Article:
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  • My Favourite Museums: What To See And How To Get There.

    Max Švabinský's most famous picture: "Coalescing Souls", 1896. Photo: GK

  • 1) National Gallery: Veletržní palác

    Prague has superb museums.

    People go to museums, very often to fine art museums, see 250 pictures or more and leave without any particular impression.

    Don't do that. If you want to enjoy, and in particular learn from, a museum or a gallery, concentrate on one or two specific departments, and try to get some information about what there is to see beforehand. In addition to that, Prague's museums offer a lot of information – not necessarily online, but on the spot. Most of the rooms or departments, e.g. at the National Gallery or at the National Technical Museum, have introductions on posters and frequently directly at the exhibited objects, almost everywhere also in English.

    Let's take the largest venue of the National Gallery / Národní galerie as an example. The National Gallery has six places all over the city. The largest one is the Veletržní palác, the Trade Fair Palace, a former trade fair building in Prague 6. It is enormous, and it would be a waste of time to see all of it.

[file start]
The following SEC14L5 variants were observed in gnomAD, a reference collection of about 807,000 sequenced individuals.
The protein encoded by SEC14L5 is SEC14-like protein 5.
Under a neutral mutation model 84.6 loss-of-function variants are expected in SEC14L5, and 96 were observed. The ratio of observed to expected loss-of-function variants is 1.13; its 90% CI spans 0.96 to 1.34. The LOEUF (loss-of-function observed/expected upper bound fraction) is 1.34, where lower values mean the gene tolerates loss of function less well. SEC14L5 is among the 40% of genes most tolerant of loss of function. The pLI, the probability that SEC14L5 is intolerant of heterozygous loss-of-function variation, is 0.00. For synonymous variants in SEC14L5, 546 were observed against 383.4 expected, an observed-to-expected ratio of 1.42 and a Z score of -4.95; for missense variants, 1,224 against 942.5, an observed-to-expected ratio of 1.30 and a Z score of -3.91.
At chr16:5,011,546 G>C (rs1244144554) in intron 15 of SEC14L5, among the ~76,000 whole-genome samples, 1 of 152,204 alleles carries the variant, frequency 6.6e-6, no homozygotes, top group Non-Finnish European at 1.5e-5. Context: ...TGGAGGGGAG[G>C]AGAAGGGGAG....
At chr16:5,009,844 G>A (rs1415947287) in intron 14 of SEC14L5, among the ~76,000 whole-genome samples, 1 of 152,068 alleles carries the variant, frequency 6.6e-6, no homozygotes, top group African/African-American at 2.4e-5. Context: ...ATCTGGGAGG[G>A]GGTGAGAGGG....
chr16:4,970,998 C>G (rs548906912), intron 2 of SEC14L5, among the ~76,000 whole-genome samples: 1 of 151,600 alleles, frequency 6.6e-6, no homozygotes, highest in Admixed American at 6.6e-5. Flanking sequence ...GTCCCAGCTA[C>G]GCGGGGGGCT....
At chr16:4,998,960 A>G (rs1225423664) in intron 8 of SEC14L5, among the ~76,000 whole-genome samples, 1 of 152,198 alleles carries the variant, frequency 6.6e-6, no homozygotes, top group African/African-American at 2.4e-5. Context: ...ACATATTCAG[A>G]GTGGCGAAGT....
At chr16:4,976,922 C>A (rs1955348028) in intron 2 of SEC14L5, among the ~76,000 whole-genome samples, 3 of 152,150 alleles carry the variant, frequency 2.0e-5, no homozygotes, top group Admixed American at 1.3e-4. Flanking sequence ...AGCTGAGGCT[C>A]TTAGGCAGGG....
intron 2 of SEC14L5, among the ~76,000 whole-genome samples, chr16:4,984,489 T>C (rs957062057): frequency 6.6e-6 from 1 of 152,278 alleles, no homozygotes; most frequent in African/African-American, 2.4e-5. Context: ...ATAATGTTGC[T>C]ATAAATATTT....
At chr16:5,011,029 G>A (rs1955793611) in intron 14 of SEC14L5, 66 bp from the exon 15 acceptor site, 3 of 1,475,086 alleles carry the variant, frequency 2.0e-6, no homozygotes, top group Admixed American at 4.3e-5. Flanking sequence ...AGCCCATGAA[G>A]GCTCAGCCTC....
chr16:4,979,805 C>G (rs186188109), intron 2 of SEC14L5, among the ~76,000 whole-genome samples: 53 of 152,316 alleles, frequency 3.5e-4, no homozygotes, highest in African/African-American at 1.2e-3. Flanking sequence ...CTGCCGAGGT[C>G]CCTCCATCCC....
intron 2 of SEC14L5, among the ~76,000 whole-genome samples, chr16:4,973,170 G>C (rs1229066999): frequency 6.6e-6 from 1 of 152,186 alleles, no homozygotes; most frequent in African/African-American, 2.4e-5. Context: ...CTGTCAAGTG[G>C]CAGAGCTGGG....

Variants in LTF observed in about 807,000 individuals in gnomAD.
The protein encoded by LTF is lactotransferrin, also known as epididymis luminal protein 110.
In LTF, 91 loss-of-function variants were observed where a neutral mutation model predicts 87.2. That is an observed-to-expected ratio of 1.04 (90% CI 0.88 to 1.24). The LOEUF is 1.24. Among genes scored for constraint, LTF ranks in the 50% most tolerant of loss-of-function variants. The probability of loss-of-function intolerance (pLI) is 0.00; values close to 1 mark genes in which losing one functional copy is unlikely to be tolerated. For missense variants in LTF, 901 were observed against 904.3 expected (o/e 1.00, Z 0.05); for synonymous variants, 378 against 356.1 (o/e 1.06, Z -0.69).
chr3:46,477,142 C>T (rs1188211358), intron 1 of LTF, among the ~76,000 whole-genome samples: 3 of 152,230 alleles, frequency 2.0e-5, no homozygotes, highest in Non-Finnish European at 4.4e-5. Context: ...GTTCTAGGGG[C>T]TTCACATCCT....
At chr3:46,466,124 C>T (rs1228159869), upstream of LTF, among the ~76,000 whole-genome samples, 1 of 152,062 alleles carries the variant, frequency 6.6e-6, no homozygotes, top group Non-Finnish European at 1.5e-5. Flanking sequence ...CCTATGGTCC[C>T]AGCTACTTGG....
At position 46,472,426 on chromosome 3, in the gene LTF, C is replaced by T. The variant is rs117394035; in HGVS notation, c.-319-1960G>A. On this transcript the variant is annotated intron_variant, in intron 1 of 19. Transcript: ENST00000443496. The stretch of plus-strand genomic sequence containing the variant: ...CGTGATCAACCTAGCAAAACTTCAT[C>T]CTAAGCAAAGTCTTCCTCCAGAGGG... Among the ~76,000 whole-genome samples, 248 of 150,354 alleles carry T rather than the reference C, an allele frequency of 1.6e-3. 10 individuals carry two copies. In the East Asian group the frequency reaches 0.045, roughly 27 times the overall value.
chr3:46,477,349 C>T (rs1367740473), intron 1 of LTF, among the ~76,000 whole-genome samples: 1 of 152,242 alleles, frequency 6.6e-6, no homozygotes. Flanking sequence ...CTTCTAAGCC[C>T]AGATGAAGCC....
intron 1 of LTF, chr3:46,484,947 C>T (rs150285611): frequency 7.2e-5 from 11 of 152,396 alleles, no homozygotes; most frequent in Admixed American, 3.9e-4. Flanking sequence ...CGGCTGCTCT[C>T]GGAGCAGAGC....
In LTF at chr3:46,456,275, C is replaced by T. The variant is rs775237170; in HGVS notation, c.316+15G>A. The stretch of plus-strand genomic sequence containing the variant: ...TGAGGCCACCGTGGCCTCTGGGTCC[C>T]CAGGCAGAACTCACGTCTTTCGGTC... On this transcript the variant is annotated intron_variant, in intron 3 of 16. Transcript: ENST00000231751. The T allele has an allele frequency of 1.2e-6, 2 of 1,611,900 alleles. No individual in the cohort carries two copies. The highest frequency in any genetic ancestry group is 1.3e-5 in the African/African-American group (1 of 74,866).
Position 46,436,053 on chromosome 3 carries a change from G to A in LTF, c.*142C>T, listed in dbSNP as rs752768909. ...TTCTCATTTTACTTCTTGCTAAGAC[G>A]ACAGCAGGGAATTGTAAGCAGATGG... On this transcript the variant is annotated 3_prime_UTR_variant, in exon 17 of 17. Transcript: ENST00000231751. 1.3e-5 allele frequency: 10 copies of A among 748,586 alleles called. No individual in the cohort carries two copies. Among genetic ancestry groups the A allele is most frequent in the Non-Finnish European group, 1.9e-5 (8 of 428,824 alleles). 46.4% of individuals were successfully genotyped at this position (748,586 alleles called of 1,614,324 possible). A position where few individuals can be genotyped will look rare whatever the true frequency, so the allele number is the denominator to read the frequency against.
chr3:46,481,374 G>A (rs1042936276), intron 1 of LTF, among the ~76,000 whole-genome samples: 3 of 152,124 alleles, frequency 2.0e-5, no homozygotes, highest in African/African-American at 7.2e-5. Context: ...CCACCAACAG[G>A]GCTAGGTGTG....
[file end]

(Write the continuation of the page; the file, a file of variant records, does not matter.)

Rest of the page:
My favourite departments are the 4th and 3rd floors, and even there not the entire space, but the departments for Czech art of the late 19th and early 20th centuries.

    The 4th floor is late 19th century, the age of Bohemia's growing emancipation from the predominance of the Habsburg rule in Vienna, capital of the Holy Roman Empire, then the Austrian, and finally the Austro-Hungarian Empire. This is one of the most interesting stages of Czech history. In the 19th century the Czech language started to flourish again after a long dominance of German. The Czechs wanted to have their own artistic and cultural life and their own relevant institutions like museums, academies and universities, which caused an enormous boom in all disciplines and, in addition to that, a kind of competition with the prevalent German culture.

    This led to the fact that around 1900 Prague had risen from a sleepy, second hand provincial capital into an artistic and scientific hotspot, comparable to Vienna, Berlin, Munich or Paris. Prague had now its own art academies, its museums, its concert halls and theatres and, above all, the people to fill them with life: Fran t išek Bílek, Jan Preisler, Max Švabinský, Alfons Mucha, Bohumil Kubišta, Emil Filla, Antonín Procházka, František Kupka and Otto Gutfreund, to quote just a few of the names we find beside the pictures on the 3rd floor.